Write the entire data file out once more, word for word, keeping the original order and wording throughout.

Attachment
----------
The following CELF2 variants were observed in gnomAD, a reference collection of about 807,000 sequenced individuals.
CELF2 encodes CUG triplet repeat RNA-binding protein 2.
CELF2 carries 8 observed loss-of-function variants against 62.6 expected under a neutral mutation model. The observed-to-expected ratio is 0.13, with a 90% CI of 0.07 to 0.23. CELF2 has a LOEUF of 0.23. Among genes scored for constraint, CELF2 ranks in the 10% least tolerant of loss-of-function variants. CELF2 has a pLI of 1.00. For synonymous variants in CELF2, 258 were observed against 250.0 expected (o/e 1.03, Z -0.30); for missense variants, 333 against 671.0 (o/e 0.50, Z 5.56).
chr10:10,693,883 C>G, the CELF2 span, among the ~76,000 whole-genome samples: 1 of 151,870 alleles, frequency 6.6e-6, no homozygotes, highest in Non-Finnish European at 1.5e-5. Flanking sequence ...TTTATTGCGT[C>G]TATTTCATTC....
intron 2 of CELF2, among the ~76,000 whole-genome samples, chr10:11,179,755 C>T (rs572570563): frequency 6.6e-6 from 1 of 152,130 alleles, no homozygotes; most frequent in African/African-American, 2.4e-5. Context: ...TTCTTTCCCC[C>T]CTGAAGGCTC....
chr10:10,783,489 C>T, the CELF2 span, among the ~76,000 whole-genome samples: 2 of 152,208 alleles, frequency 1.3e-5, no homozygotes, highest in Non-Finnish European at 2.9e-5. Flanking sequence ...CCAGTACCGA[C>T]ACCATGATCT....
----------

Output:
The following CELF2 variants were observed in gnomAD, a reference collection of about 807,000 sequenced individuals.
CELF2 encodes CUG triplet repeat RNA-binding protein 2.
CELF2 carries 8 observed loss-of-function variants against 62.6 expected under a neutral mutation model. The observed-to-expected ratio is 0.13, with a 90% CI of 0.07 to 0.23. CELF2 has a LOEUF of 0.23. Among genes scored for constraint, CELF2 ranks in the 10% least tolerant of loss-of-function variants. CELF2 has a pLI of 1.00. For synonymous variants in CELF2, 258 were observed against 250.0 expected (o/e 1.03, Z -0.30); for missense variants, 333 against 671.0 (o/e 0.50, Z 5.56).
chr10:10,693,883 C>G, the CELF2 span, among the ~76,000 whole-genome samples: 1 of 151,870 alleles, frequency 6.6e-6, no homozygotes, highest in Non-Finnish European at 1.5e-5. Flanking sequence ...TTTATTGCGT[C>G]TATTTCATTC....
intron 2 of CELF2, among the ~76,000 whole-genome samples, chr10:11,179,755 C>T (rs572570563): frequency 6.6e-6 from 1 of 152,130 alleles, no homozygotes; most frequent in African/African-American, 2.4e-5. Context: ...TTCTTTCCCC[C>T]CTGAAGGCTC....
chr10:10,783,489 C>T, the CELF2 span, among the ~76,000 whole-genome samples: 2 of 152,208 alleles, frequency 1.3e-5, no homozygotes, highest in Non-Finnish European at 2.9e-5. Flanking sequence ...CCAGTACCGA[C>T]ACCATGATCT....